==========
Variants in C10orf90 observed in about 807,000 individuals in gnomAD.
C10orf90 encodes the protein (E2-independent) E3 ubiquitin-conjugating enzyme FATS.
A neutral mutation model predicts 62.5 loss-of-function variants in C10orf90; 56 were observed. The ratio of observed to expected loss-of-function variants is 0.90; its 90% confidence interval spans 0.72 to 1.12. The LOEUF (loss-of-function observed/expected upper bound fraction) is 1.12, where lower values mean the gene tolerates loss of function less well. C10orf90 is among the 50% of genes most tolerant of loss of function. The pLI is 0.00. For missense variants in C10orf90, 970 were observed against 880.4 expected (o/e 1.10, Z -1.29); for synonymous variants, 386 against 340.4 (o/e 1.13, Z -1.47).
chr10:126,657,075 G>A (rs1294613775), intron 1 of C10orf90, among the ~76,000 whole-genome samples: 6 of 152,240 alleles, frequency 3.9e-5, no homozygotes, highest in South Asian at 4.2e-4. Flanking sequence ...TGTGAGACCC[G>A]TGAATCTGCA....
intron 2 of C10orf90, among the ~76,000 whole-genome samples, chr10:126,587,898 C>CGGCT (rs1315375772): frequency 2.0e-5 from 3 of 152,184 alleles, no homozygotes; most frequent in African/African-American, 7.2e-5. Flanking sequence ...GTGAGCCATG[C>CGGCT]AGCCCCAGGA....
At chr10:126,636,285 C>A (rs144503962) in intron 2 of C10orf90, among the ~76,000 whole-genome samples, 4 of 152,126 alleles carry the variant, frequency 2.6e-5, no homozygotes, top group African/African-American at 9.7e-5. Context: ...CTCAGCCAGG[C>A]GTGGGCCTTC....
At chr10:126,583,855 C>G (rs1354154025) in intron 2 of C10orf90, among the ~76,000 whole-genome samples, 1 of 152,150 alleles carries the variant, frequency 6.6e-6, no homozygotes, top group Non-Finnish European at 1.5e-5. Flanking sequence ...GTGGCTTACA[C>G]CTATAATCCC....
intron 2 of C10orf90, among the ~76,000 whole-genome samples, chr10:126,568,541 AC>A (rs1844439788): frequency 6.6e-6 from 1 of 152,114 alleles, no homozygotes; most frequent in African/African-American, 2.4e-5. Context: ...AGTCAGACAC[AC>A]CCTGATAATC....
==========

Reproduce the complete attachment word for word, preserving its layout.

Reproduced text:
Variants in C10orf90 observed in about 807,000 individuals in gnomAD.
C10orf90 encodes the protein (E2-independent) E3 ubiquitin-conjugating enzyme FATS.
A neutral mutation model predicts 62.5 loss-of-function variants in C10orf90; 56 were observed. The ratio of observed to expected loss-of-function variants is 0.90; its 90% confidence interval spans 0.72 to 1.12. The LOEUF (loss-of-function observed/expected upper bound fraction) is 1.12, where lower values mean the gene tolerates loss of function less well. C10orf90 is among the 50% of genes most tolerant of loss of function. The pLI is 0.00. For missense variants in C10orf90, 970 were observed against 880.4 expected (o/e 1.10, Z -1.29); for synonymous variants, 386 against 340.4 (o/e 1.13, Z -1.47).
chr10:126,657,075 G>A (rs1294613775), intron 1 of C10orf90, among the ~76,000 whole-genome samples: 6 of 152,240 alleles, frequency 3.9e-5, no homozygotes, highest in South Asian at 4.2e-4. Flanking sequence ...TGTGAGACCC[G>A]TGAATCTGCA....
intron 2 of C10orf90, among the ~76,000 whole-genome samples, chr10:126,587,898 C>CGGCT (rs1315375772): frequency 2.0e-5 from 3 of 152,184 alleles, no homozygotes; most frequent in African/African-American, 7.2e-5. Flanking sequence ...GTGAGCCATG[C>CGGCT]AGCCCCAGGA....
At chr10:126,636,285 C>A (rs144503962) in intron 2 of C10orf90, among the ~76,000 whole-genome samples, 4 of 152,126 alleles carry the variant, frequency 2.6e-5, no homozygotes, top group African/African-American at 9.7e-5. Context: ...CTCAGCCAGG[C>A]GTGGGCCTTC....
At chr10:126,583,855 C>G (rs1354154025) in intron 2 of C10orf90, among the ~76,000 whole-genome samples, 1 of 152,150 alleles carries the variant, frequency 6.6e-6, no homozygotes, top group Non-Finnish European at 1.5e-5. Flanking sequence ...GTGGCTTACA[C>G]CTATAATCCC....
intron 2 of C10orf90, among the ~76,000 whole-genome samples, chr10:126,568,541 AC>A (rs1844439788): frequency 6.6e-6 from 1 of 152,114 alleles, no homozygotes; most frequent in African/African-American, 2.4e-5. Context: ...AGTCAGACAC[AC>A]CCTGATAATC....